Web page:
Topic Safety…..the cornerstone to private aviation.
If you find the Private Jet Charter business confusing, you are in good company. Most individuals and companies which are in the position to fly private have been told the same store by the larger private charter companies for a very long time, it is time to discuss the truth.
The one underlying myth is that some aircraft are not safe. All aircraft from the Turbo prop King Air and Pilatus to the light and heavy jet world of the Gulfstream, Hawkers, Citations, Challengers and Learjets….they all must meet the exacting standards of FAA. To be certified to become part of the Part 135 charter fleet the FAA has established stringent criteria which must be meet and is in most cases exceeded by the operator of the aircraft. In addition there are third party independent jet inspections and guidelines that are enforced by companies such as ARG/US. This companies ratings can be requested by a private aviation client at any time for their next charter requirements.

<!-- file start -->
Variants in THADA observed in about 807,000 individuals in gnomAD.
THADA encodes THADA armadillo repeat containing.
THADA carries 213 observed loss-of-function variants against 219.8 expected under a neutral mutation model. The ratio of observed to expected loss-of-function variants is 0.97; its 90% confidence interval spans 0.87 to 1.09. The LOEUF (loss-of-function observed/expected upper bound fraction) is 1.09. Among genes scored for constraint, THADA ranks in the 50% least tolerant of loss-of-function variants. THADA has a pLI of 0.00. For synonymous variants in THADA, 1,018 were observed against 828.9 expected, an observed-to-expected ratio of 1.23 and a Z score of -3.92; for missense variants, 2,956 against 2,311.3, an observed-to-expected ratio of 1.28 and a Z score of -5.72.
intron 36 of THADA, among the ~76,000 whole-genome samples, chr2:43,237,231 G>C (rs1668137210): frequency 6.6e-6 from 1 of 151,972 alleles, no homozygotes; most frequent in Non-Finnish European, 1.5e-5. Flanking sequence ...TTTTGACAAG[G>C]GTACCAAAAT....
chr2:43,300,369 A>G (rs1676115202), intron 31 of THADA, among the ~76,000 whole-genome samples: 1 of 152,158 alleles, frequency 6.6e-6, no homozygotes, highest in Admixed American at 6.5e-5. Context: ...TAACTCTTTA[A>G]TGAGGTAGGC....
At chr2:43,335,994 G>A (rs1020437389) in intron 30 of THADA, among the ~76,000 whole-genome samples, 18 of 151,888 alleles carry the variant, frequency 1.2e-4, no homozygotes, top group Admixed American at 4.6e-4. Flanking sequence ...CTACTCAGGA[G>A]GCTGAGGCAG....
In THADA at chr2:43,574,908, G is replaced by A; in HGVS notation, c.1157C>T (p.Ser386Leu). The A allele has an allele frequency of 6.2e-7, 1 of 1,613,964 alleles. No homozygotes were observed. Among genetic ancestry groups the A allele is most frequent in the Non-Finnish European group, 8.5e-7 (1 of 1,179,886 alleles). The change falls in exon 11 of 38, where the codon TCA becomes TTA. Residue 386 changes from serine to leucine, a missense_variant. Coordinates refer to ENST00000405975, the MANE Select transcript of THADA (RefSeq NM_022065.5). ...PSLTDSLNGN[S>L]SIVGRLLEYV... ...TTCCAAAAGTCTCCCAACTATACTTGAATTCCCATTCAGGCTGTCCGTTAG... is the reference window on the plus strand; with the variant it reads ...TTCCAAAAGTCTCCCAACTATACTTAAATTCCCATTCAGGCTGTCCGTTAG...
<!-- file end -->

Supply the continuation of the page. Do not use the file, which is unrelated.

The aircraft are just one half of the equation, your crew is just as important to your safety, comfort and peace of mind while flying in private jets. Marquis a NetJets company claims in their comparison the following.
“NetJets pilots are among the most highly trained pilots in the world. NetJets pilots attend recurrent training twice a year and are dedicated to fly only one specific aircraft type for ultimate familiarity.”
Again a bit misleading as all pilots are trained for a specific aircraft. Attempting to worry a potential client about the qualification of the crew is not warranted as all pilots and crew currently commanding an private jet are subject to a level of training and experience that is consistent throughout the charter and fractional jet fleets.
Last point on safety, is that there is a difference between a Part 135 charter flight and a Part 91 flight. If you are utilizing our company, Independent Jets, you will be under the more stringent and cautionary rules of Part 135. If you are a Fractional owner you can travel under the rules of Part 91, which are less stringent and allows you to land on shorter runways and depart with lower visibility limits.